Scump disappeared about 6 months later. Don’t know what happened to Scump. Cats are mysterious and they have all sorts of pecking orders and territorial pissings and cat rules and regulations as to who can go here and who can go there. In the 6 years I was in the Berkeley hills it seemed the male kittens generally left the scene when they became full-grown. Possibly because of some kind of tom cat instinct that compels them to roam freely. Whereas the female cats mostly remained in the area. Perhaps due to some female nesting instinct. I don’t know if this is inherent in cat behavior or what. My sample size of about 10 feral cats over 6 years wasn’t large enough to come to hard and fast conclusions.
I had to leave the hills for 3 months in 2009. So I gave a homeless friend of mine who camped on the other side of the hill about 2 months worth of cat food and asked him to feed them while I was gone. When I returned he had fallen in love with Scamp and adopted her. And he re-named Scimp “Moo Cat” and the name stuck.
Moo Cat and Scamp were similar in appearance. Except that Scamp had a half-face of white fur by her nose (compared to Moo Cat’s full white face). Which for some reason always gave Scamp, to me, this air of a cocky, jaunty French guy wearing a beret. If Moo Cat and Scamp were similar in appearance they were exact opposite in temperament. Scamp always had a self-assured, master-of-reality attitude. Like she was completely pleased with herself and her place in this world. She always seemed to be smiling (can cats smile?). Scamp was the first of the feral cats to totally accept me. Probably because I started feeding her right when she was a kitten. Unlike the first crew of feral cats who didn’t discover me until they were about 9 months old and never lost their inherent feral distrust of humans. Scamp was just a very cosmic cat. One of those. Like an old soul.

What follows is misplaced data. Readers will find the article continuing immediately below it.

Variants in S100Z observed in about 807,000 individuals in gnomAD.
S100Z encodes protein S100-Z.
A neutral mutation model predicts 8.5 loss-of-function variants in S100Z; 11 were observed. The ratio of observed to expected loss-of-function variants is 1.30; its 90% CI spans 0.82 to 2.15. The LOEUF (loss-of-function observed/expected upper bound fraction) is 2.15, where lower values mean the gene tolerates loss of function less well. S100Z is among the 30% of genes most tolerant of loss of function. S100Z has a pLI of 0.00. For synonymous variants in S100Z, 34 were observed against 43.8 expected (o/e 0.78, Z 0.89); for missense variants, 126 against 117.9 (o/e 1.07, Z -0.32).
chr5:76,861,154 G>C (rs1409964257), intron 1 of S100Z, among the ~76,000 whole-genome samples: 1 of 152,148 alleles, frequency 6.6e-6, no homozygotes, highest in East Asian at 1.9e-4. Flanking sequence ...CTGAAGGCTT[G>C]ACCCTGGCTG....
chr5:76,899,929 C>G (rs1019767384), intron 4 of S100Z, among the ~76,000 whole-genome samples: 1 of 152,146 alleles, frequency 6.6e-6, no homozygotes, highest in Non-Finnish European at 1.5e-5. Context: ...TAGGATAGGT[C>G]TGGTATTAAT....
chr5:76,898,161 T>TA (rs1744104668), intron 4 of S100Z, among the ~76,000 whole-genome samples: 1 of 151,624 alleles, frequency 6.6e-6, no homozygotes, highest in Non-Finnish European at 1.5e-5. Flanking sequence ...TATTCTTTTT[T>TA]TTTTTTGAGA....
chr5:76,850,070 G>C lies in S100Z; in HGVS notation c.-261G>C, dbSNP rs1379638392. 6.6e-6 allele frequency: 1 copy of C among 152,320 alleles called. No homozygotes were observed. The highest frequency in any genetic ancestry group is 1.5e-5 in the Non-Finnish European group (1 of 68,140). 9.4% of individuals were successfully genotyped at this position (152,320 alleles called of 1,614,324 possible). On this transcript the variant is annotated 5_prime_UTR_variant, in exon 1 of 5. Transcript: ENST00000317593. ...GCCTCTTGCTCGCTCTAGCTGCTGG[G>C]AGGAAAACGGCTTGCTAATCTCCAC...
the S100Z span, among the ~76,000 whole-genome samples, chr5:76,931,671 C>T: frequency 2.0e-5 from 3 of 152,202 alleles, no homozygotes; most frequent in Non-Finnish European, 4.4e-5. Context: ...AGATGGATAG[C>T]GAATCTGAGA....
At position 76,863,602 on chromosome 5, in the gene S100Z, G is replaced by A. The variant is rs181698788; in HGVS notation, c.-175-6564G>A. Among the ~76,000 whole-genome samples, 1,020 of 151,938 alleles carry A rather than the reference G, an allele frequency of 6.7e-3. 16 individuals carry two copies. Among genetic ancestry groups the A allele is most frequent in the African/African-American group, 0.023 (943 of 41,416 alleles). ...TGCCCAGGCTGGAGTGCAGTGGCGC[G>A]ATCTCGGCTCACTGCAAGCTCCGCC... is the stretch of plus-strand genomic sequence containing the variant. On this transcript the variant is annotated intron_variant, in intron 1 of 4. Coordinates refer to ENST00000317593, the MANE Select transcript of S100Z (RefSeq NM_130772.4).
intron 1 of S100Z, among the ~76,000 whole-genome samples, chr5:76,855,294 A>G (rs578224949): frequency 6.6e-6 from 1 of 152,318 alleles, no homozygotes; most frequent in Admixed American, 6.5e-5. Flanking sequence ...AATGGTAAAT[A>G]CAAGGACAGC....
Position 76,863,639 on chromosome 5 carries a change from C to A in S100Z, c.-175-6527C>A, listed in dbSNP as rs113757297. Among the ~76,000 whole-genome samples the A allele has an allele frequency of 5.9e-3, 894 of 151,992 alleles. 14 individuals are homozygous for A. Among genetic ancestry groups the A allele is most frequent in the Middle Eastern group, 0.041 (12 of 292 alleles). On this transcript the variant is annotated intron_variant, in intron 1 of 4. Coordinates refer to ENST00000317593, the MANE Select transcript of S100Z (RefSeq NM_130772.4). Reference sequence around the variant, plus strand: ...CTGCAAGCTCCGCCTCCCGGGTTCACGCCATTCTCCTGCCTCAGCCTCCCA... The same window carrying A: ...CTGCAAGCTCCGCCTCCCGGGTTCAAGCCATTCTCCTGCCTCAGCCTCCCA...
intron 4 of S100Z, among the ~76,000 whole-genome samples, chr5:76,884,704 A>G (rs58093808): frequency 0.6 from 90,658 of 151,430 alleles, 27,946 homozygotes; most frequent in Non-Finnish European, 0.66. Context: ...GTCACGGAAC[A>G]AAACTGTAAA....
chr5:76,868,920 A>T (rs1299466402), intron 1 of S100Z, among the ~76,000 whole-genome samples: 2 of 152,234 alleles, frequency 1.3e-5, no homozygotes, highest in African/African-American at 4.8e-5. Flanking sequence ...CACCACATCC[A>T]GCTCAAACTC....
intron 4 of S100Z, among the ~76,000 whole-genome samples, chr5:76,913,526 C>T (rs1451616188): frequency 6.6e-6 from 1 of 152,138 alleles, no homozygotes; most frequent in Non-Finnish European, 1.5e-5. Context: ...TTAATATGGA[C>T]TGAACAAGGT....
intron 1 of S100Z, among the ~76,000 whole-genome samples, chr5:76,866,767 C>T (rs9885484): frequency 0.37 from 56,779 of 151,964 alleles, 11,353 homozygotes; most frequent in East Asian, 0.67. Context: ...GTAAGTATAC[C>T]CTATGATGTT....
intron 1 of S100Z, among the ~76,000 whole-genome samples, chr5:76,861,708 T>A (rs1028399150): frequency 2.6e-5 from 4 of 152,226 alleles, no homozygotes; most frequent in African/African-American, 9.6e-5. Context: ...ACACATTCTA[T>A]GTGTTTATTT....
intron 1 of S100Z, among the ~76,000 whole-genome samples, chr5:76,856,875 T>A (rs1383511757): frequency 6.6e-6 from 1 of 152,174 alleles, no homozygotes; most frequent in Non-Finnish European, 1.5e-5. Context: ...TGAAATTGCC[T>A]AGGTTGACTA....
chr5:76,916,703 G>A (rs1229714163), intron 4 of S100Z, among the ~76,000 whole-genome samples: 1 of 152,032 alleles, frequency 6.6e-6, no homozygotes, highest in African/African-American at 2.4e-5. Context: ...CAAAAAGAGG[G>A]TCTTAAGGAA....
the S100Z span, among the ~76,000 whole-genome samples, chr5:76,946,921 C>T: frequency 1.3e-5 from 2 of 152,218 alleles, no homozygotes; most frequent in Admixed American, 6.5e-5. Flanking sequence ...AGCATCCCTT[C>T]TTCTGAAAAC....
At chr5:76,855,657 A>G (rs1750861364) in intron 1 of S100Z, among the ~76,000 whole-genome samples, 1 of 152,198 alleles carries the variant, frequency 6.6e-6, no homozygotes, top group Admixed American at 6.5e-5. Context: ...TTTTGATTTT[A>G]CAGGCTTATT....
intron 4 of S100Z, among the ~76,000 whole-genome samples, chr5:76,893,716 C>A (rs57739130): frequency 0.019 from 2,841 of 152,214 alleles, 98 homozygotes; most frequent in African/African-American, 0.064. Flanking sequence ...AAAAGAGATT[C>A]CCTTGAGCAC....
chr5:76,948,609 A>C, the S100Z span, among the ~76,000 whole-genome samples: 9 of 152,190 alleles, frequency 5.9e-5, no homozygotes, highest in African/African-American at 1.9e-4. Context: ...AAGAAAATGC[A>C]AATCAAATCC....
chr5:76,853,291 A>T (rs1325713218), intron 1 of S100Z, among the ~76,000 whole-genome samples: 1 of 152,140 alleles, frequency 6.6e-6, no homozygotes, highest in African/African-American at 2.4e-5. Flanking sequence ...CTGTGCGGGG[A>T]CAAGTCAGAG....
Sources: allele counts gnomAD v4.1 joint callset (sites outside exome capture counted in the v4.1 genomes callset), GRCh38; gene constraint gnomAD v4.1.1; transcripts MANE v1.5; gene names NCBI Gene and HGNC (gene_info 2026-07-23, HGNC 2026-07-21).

Whereas Scamp always had a look of peace and serenity on her face. Just a very happy cat. Even after she was adopted by the other guy, she would regularly saunter down to my campsight in the afternoon to visit me. She’d always wait until my cats had left — a territorial thing I guess — before she’d pay me a surprise visit. Years later, long after I had stopped feeding her, she’d still pop in to say hello. With this look on her face that said: “I still remember you from when I was a kitten.”